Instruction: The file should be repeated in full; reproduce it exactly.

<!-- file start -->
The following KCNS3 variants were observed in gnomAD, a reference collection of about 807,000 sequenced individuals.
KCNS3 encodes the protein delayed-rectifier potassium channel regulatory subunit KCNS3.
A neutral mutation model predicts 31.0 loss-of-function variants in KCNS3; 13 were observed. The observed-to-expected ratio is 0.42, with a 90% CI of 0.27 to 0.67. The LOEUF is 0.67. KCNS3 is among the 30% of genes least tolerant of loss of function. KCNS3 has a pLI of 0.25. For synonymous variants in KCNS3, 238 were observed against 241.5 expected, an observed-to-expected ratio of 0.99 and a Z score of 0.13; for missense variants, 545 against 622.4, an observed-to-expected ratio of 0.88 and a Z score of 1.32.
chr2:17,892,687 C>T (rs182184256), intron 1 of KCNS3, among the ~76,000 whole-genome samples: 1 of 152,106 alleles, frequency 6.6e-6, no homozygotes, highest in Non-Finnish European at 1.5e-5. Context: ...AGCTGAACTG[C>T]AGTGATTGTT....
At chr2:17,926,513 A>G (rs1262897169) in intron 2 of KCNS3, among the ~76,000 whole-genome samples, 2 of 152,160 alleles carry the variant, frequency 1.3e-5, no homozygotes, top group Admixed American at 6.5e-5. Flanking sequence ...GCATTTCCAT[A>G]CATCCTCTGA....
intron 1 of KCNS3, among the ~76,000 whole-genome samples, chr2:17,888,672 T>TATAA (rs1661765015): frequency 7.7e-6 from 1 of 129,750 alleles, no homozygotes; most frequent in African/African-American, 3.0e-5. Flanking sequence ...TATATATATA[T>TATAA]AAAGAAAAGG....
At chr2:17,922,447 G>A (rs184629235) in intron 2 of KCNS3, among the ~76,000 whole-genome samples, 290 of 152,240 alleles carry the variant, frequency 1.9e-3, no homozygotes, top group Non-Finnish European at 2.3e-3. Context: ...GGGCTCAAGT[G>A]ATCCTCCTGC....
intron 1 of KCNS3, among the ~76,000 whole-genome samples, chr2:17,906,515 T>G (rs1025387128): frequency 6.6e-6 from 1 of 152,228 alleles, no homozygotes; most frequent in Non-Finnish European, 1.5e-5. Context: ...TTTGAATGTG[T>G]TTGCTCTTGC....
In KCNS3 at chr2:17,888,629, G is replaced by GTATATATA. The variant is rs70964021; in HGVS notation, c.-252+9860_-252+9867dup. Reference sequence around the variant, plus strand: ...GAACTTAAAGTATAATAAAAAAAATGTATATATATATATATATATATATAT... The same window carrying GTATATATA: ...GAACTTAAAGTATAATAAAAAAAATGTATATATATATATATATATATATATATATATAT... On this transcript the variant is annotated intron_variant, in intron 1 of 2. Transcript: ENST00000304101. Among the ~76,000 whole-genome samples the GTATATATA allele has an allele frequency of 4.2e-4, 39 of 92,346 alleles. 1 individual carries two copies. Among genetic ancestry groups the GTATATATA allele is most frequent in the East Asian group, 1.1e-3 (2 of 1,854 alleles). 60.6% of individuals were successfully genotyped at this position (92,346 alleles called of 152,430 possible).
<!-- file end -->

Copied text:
The following KCNS3 variants were observed in gnomAD, a reference collection of about 807,000 sequenced individuals.
KCNS3 encodes the protein delayed-rectifier potassium channel regulatory subunit KCNS3.
A neutral mutation model predicts 31.0 loss-of-function variants in KCNS3; 13 were observed. The observed-to-expected ratio is 0.42, with a 90% CI of 0.27 to 0.67. The LOEUF is 0.67. KCNS3 is among the 30% of genes least tolerant of loss of function. KCNS3 has a pLI of 0.25. For synonymous variants in KCNS3, 238 were observed against 241.5 expected, an observed-to-expected ratio of 0.99 and a Z score of 0.13; for missense variants, 545 against 622.4, an observed-to-expected ratio of 0.88 and a Z score of 1.32.
chr2:17,892,687 C>T (rs182184256), intron 1 of KCNS3, among the ~76,000 whole-genome samples: 1 of 152,106 alleles, frequency 6.6e-6, no homozygotes, highest in Non-Finnish European at 1.5e-5. Context: ...AGCTGAACTG[C>T]AGTGATTGTT....
At chr2:17,926,513 A>G (rs1262897169) in intron 2 of KCNS3, among the ~76,000 whole-genome samples, 2 of 152,160 alleles carry the variant, frequency 1.3e-5, no homozygotes, top group Admixed American at 6.5e-5. Flanking sequence ...GCATTTCCAT[A>G]CATCCTCTGA....
intron 1 of KCNS3, among the ~76,000 whole-genome samples, chr2:17,888,672 T>TATAA (rs1661765015): frequency 7.7e-6 from 1 of 129,750 alleles, no homozygotes; most frequent in African/African-American, 3.0e-5. Flanking sequence ...TATATATATA[T>TATAA]AAAGAAAAGG....
At chr2:17,922,447 G>A (rs184629235) in intron 2 of KCNS3, among the ~76,000 whole-genome samples, 290 of 152,240 alleles carry the variant, frequency 1.9e-3, no homozygotes, top group Non-Finnish European at 2.3e-3. Context: ...GGGCTCAAGT[G>A]ATCCTCCTGC....
intron 1 of KCNS3, among the ~76,000 whole-genome samples, chr2:17,906,515 T>G (rs1025387128): frequency 6.6e-6 from 1 of 152,228 alleles, no homozygotes; most frequent in Non-Finnish European, 1.5e-5. Context: ...TTTGAATGTG[T>G]TTGCTCTTGC....
In KCNS3 at chr2:17,888,629, G is replaced by GTATATATA. The variant is rs70964021; in HGVS notation, c.-252+9860_-252+9867dup. Reference sequence around the variant, plus strand: ...GAACTTAAAGTATAATAAAAAAAATGTATATATATATATATATATATATAT... The same window carrying GTATATATA: ...GAACTTAAAGTATAATAAAAAAAATGTATATATATATATATATATATATATATATATAT... On this transcript the variant is annotated intron_variant, in intron 1 of 2. Transcript: ENST00000304101. Among the ~76,000 whole-genome samples the GTATATATA allele has an allele frequency of 4.2e-4, 39 of 92,346 alleles. 1 individual carries two copies. Among genetic ancestry groups the GTATATATA allele is most frequent in the East Asian group, 1.1e-3 (2 of 1,854 alleles). 60.6% of individuals were successfully genotyped at this position (92,346 alleles called of 152,430 possible).